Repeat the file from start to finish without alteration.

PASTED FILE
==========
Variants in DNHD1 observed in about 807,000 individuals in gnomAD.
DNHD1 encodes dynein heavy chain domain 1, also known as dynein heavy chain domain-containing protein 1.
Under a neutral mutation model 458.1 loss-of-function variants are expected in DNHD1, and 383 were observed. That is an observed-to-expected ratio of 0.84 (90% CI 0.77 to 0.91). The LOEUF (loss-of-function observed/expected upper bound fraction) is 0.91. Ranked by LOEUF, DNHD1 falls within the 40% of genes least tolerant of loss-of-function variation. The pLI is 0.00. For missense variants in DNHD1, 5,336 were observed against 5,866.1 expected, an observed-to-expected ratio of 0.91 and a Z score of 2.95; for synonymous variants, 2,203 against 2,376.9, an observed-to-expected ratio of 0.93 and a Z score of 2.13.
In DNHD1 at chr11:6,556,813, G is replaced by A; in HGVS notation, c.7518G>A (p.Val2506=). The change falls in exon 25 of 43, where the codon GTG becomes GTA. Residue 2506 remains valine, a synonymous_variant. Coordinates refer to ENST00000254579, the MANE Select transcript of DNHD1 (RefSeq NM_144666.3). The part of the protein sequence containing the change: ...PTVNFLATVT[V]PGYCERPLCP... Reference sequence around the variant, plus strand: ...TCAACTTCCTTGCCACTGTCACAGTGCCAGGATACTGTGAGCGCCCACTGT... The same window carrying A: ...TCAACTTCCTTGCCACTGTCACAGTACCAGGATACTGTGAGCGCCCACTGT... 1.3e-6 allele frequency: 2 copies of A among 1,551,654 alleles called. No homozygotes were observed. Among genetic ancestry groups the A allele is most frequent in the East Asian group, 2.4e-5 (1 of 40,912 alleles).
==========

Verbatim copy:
Variants in DNHD1 observed in about 807,000 individuals in gnomAD.
DNHD1 encodes dynein heavy chain domain 1, also known as dynein heavy chain domain-containing protein 1.
Under a neutral mutation model 458.1 loss-of-function variants are expected in DNHD1, and 383 were observed. That is an observed-to-expected ratio of 0.84 (90% CI 0.77 to 0.91). The LOEUF (loss-of-function observed/expected upper bound fraction) is 0.91. Ranked by LOEUF, DNHD1 falls within the 40% of genes least tolerant of loss-of-function variation. The pLI is 0.00. For missense variants in DNHD1, 5,336 were observed against 5,866.1 expected, an observed-to-expected ratio of 0.91 and a Z score of 2.95; for synonymous variants, 2,203 against 2,376.9, an observed-to-expected ratio of 0.93 and a Z score of 2.13.
In DNHD1 at chr11:6,556,813, G is replaced by A; in HGVS notation, c.7518G>A (p.Val2506=). The change falls in exon 25 of 43, where the codon GTG becomes GTA. Residue 2506 remains valine, a synonymous_variant. Coordinates refer to ENST00000254579, the MANE Select transcript of DNHD1 (RefSeq NM_144666.3). The part of the protein sequence containing the change: ...PTVNFLATVT[V]PGYCERPLCP... Reference sequence around the variant, plus strand: ...TCAACTTCCTTGCCACTGTCACAGTGCCAGGATACTGTGAGCGCCCACTGT... The same window carrying A: ...TCAACTTCCTTGCCACTGTCACAGTACCAGGATACTGTGAGCGCCCACTGT... 1.3e-6 allele frequency: 2 copies of A among 1,551,654 alleles called. No homozygotes were observed. Among genetic ancestry groups the A allele is most frequent in the East Asian group, 2.4e-5 (1 of 40,912 alleles).